Gut reactions: Well, I PRed...by 84 seconds. I was also terribly disappointed, because I died terribly in the last four miles. Only the adrenaline that comes from smelling the finish line saved me. I wanted to average between 5:20 and 5:25 pace, and I fell just short of that- 5:26
The truth is, I died. Around Hains Point, I just died. My quads stopped feeling responsive, and I rationalized not pushing the pace more. I got too hung up on predicting what I would run for the rest of the race and let those expectations overwhelm me. And as a result, I am disappointed by the way things turned out.
Every time I race, I am getting faster over longer distances. I have always considered myself a 5k runner, and now I am working on the mindset transition to that of a long distance runner. It's my fifth long race, my third serious one, and I improved my time by over a minute from when I was in the best shape of my life. Just imagine what I could do if I wasn't so heavy. Jake Klim said it, not knowing exactly how my last few years have gone but taking a strong guess that it was the race of my last few years. He was right. It was my first PR at any distance (at which I had previously raced) since the Great Race in late September 2007.
Though I ran almost a minute and a half faster at Cherry Blossom than the 2007 Spring Thaw, I still consider the latter to have been a better race because I just put it away in the second half. I got faster and started nailing those rolling hills and would have probably gotten faster had the race been longer. What I did there was push the pace with Shafer, Rich and Herb Cratty until five miles then run away, which I obviously couldn't do with the competition in DC, but the point was that I passed the time at a decent pace, then negative spitted by 70 seconds for the second half.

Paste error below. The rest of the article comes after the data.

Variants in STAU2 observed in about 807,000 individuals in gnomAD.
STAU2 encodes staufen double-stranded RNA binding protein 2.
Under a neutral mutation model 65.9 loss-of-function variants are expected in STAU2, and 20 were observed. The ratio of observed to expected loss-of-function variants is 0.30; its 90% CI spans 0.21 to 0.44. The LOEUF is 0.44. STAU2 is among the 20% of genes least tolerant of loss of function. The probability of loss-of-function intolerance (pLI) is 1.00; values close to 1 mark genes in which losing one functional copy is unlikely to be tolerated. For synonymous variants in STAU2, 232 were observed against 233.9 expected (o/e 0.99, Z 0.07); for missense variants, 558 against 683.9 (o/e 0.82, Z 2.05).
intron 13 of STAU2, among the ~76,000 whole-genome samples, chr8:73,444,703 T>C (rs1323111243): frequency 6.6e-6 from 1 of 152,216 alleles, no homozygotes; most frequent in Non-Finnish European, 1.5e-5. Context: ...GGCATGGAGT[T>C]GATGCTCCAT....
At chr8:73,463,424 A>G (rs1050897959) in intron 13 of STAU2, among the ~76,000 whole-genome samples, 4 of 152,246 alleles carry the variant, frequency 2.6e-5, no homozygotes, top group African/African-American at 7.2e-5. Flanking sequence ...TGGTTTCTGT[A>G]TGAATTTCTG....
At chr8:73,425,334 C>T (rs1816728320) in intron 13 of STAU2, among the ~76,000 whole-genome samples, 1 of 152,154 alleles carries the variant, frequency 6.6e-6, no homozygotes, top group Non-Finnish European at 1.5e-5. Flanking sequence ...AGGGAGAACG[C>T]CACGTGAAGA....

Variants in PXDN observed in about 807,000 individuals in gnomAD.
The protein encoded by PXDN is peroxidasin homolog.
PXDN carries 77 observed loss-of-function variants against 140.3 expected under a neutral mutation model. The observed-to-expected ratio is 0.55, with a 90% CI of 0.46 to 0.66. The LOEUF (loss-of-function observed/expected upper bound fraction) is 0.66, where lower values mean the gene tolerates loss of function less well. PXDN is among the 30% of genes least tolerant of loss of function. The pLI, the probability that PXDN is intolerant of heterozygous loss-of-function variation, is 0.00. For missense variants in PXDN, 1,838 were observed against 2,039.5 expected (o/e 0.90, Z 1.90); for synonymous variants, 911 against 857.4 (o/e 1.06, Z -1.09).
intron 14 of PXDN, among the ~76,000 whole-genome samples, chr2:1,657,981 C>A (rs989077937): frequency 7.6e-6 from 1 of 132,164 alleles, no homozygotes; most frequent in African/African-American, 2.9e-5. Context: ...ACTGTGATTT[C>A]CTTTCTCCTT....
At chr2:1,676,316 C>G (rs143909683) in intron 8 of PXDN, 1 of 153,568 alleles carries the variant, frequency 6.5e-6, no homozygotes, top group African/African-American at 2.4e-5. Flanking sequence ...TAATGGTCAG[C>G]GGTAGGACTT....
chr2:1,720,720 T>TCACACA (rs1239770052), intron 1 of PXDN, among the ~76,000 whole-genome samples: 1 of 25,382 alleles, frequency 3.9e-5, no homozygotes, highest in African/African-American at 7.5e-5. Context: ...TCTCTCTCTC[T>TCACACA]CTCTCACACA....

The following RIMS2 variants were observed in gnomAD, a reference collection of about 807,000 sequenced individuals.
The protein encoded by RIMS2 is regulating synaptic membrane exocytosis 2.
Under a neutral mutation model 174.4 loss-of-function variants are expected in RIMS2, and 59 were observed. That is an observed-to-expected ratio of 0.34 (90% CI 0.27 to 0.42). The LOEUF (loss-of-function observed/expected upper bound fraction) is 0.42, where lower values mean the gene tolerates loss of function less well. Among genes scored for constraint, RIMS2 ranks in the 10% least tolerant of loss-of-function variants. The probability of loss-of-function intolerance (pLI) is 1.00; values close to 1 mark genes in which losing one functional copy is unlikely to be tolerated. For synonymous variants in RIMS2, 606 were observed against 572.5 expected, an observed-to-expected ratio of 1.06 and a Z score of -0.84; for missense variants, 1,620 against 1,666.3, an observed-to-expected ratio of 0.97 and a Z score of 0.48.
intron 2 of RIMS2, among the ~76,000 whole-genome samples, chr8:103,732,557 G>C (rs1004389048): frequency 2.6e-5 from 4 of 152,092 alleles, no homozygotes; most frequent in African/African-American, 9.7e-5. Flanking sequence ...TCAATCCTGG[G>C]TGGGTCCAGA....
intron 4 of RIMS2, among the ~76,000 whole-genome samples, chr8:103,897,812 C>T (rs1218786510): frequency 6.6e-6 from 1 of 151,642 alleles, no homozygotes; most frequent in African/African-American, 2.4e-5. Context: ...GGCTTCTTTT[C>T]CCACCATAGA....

I might not have scored a major win or an amazing time, but I made a major stride in putting training to good use. I have three weeks until Pittsburgh. That's time to crack down on my diet and sharpen my legs for speeding up and holding that pace for another 5k. I certainly will not go out in 5:10 in Pittsburgh. That is where 5:25 will be more my style. I won't be dealing with a huge field of people ambitious to run fast times, I'll be mixed in with a few half marathoners, marathoners and relay runners.
The pace will work itself out to be more conservative and more conducive to me getting miles out of the way at a decent pace before I start attacking in the second half.
I got another 3 miles in that afternoon after brunch with the guests and the Spitznagels.
Three weeks starts today!

1 comment:

  1. Charlie - you are a pop tart freak! You should ask them for sponsorhip.